Recently I had to spend a fair amount of time working on CONGO on a Windows XP platform. Stonekeep is doing doing it’s first event where CONGO will be running entirely on Windows XP, so all the environmental stuff I’m used to having under Linux doesn’t work, naturally. Things needed to be updated. This presented many challenges…
Normally I’d just import CONGO into Eclipse (where I’ve been doing most of my Windows development), and run with it, but CONGO was my first ‘big’ Java app, and, well, I made some poor design decisions that make moving it into a formal structured environment like Eclipse… somewhat problematic.
What I needed to do was set up my Windows XP environment to behave very in a similar fashion to my Linux environment, without trying to reproduce Linux-under-windows. I’ve gone the Cygwin route before (which tries to emulate a Unix environment completely), but I found the inconsistencies got in the way of being productive, and the installation overhead is enormous. So I needed a compromise.
There were several basic functions I needed to have in order to run the two sides of my application successfully. CONGO consists of a standalone ‘application server’ (called ‘cserver’) which runs in it’s own standalone Java process, answering XMLRPC requests, and a PHP-based webclient called “Coconut”, providing the user interface. To run both these pieces I needed Java, PHP, a webserver, a database, an installation tool, an editor, and a way to interact with my SVN repository.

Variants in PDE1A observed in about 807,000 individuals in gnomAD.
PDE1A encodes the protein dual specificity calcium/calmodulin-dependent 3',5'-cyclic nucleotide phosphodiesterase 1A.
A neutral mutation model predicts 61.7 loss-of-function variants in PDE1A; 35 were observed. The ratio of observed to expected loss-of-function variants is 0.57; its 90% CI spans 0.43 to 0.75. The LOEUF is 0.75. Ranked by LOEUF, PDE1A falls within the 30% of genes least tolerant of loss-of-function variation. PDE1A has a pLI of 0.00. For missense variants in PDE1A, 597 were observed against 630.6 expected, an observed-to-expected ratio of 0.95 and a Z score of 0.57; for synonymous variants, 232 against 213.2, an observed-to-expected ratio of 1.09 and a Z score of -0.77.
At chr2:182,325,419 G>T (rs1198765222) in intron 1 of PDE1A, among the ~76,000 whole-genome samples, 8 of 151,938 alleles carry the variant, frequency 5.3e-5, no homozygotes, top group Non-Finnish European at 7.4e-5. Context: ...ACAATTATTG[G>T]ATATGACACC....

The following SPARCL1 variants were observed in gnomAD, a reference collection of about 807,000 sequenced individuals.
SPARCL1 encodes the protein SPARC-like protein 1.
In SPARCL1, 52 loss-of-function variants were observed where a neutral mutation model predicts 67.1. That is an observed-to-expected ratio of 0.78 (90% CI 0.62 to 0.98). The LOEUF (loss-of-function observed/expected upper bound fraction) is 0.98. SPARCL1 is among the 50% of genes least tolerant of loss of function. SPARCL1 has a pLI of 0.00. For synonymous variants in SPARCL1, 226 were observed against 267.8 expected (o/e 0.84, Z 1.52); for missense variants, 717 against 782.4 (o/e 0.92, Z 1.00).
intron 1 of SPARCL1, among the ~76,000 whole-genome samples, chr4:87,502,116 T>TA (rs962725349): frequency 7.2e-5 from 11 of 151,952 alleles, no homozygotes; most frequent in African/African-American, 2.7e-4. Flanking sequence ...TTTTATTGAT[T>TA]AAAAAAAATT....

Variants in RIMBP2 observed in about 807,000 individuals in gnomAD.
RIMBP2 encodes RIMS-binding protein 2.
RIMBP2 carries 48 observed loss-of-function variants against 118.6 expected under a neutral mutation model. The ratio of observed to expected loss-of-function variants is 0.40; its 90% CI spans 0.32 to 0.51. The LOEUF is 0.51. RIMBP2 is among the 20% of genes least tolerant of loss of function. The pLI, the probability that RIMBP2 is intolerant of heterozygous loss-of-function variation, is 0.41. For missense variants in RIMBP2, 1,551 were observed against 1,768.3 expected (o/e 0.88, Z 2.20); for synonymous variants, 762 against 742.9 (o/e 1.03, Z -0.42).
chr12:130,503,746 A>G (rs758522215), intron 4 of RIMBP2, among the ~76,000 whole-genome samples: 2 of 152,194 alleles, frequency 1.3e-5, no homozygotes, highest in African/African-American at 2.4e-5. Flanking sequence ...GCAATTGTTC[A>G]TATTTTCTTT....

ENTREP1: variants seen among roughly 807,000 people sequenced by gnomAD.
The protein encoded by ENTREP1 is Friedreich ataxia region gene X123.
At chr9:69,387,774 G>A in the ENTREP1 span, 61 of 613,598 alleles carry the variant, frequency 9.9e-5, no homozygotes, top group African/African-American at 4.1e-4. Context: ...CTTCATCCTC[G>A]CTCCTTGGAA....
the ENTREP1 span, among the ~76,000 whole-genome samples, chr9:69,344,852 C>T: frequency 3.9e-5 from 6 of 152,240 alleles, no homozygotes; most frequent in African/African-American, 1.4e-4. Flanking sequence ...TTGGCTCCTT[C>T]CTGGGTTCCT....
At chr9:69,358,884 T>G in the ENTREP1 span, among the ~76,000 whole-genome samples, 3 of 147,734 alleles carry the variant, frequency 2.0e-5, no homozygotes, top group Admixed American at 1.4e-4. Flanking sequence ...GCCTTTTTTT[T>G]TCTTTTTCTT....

A large part of my needs were covered with XAMPP, a bundled set of tools that provides LAMP functionality to a windows environment (WAMP?). With one swell foop, I had a PHP interpreter, an Apache webserver, and a MySQL instance, plus a database tool (phpMyAdmin).
Sun provided the appropriate JDK (Java Development Kit) to compile the application server as needed. I don’t have a binary distribution of the code yet, so an installation consists of checking it out of SVN and compiling it. The JDK installed just fine (into C:\Program Files\Java\jdk-versionumble)
For an editor, I chose to work with JEdit for a while. It’s a pretty editor, and is completely Swing based. It has some annoying twitches, and I’m not sure if I’ll continue using it in the long term, but for this event-cycle, it was fast, workable, and did the job just fine.
The Build Tool
Build tool – This is one of the sticking points for portability into Eclipse. I don’t actually compile CONGO in a ‘normal’ fashion, and my class definitions are all screwed up. To address my odd setups, I use Ant, a very very good build tool specifically designed to work with Java projects. I had already been using Ant build scripts on my Linux installations, so having this available under Windows was a huge win.
I downloaded the Apache Ant binary distribution, and unpacked it. Because Ant is basically just a simple command line tool, it really doesn’t have a Windows installation process, it just needs to be unzipped. I put it in C:\Program Files\ant.
The SVN Client
This one was a toss up. All my code is stored in an SVN repository on a remote machine in a colo facility. In order to check in and out code, I needed to have an SVN client on the machine.